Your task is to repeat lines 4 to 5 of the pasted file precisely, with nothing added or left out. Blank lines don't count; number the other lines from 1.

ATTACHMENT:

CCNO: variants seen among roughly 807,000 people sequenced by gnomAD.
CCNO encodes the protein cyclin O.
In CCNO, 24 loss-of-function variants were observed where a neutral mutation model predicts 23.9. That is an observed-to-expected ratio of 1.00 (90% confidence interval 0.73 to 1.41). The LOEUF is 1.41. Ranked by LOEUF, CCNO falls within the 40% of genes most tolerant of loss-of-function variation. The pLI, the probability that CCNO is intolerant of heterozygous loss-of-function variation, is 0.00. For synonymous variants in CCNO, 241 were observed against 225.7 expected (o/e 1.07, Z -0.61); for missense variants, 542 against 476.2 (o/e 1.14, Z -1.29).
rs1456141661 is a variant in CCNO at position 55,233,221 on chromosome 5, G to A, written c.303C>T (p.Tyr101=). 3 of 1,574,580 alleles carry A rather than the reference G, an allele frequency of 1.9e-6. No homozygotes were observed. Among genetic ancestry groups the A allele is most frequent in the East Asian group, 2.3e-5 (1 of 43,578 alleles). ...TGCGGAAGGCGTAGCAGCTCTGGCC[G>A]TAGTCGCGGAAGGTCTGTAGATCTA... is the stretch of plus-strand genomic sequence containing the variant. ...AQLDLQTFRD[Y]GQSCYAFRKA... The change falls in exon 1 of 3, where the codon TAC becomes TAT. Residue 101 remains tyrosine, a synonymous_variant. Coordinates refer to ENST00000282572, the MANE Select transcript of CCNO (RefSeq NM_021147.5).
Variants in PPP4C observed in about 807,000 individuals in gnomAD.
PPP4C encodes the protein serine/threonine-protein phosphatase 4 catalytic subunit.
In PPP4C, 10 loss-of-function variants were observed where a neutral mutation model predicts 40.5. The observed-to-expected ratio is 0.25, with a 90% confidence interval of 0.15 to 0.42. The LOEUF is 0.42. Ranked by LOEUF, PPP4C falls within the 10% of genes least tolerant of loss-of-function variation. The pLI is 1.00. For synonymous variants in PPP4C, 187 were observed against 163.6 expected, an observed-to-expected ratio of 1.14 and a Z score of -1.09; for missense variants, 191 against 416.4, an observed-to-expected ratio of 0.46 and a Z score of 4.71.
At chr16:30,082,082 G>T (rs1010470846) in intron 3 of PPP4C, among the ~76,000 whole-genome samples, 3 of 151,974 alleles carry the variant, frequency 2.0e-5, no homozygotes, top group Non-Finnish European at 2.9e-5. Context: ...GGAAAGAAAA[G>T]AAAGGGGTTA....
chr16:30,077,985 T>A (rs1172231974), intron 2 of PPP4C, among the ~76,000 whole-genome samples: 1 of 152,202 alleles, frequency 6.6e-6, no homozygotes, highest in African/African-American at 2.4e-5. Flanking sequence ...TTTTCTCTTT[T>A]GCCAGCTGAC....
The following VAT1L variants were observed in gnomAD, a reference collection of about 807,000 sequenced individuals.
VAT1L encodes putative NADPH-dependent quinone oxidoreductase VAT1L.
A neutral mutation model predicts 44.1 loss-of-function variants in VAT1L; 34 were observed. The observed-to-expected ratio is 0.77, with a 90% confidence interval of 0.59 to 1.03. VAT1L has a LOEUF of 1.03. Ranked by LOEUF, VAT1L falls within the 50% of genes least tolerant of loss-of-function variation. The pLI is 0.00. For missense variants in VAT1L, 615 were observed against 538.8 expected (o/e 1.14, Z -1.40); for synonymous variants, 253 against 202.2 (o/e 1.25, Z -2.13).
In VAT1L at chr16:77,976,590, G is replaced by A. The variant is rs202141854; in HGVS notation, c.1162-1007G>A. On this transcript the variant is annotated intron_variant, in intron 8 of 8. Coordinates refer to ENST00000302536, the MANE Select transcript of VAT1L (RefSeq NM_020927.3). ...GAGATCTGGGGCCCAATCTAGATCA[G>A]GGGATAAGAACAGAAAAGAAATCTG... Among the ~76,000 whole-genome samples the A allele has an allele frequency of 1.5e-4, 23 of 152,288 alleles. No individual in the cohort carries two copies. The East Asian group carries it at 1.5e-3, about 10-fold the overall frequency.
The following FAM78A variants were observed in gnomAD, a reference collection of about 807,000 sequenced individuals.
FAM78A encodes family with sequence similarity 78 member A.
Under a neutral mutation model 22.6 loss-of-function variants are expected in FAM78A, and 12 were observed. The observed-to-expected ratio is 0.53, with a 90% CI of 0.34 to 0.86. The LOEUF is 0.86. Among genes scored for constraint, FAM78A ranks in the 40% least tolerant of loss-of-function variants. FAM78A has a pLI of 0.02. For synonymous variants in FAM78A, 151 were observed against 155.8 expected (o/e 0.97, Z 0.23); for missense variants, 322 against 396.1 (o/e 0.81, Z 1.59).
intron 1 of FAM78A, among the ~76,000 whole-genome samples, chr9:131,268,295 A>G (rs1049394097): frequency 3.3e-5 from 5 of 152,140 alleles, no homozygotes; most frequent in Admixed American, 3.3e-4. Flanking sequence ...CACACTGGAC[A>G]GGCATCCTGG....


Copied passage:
rs1456141661 is a variant in CCNO at position 55,233,221 on chromosome 5, G to A, written c.303C>T (p.Tyr101=). 3 of 1,574,580 alleles carry A rather than the reference G, an allele frequency of 1.9e-6. No homozygotes were observed. Among genetic ancestry groups the A allele is most frequent in the East Asian group, 2.3e-5 (1 of 43,578 alleles). ...TGCGGAAGGCGTAGCAGCTCTGGCC[G>A]TAGTCGCGGAAGGTCTGTAGATCTA... is the stretch of plus-strand genomic sequence containing the variant. ...AQLDLQTFRD[Y]GQSCYAFRKA... The change falls in exon 1 of 3, where the codon TAC becomes TAT. Residue 101 remains tyrosine, a synonymous_variant. Coordinates refer to ENST00000282572, the MANE Select transcript of CCNO (RefSeq NM_021147.5).
Variants in PPP4C observed in about 807,000 individuals in gnomAD.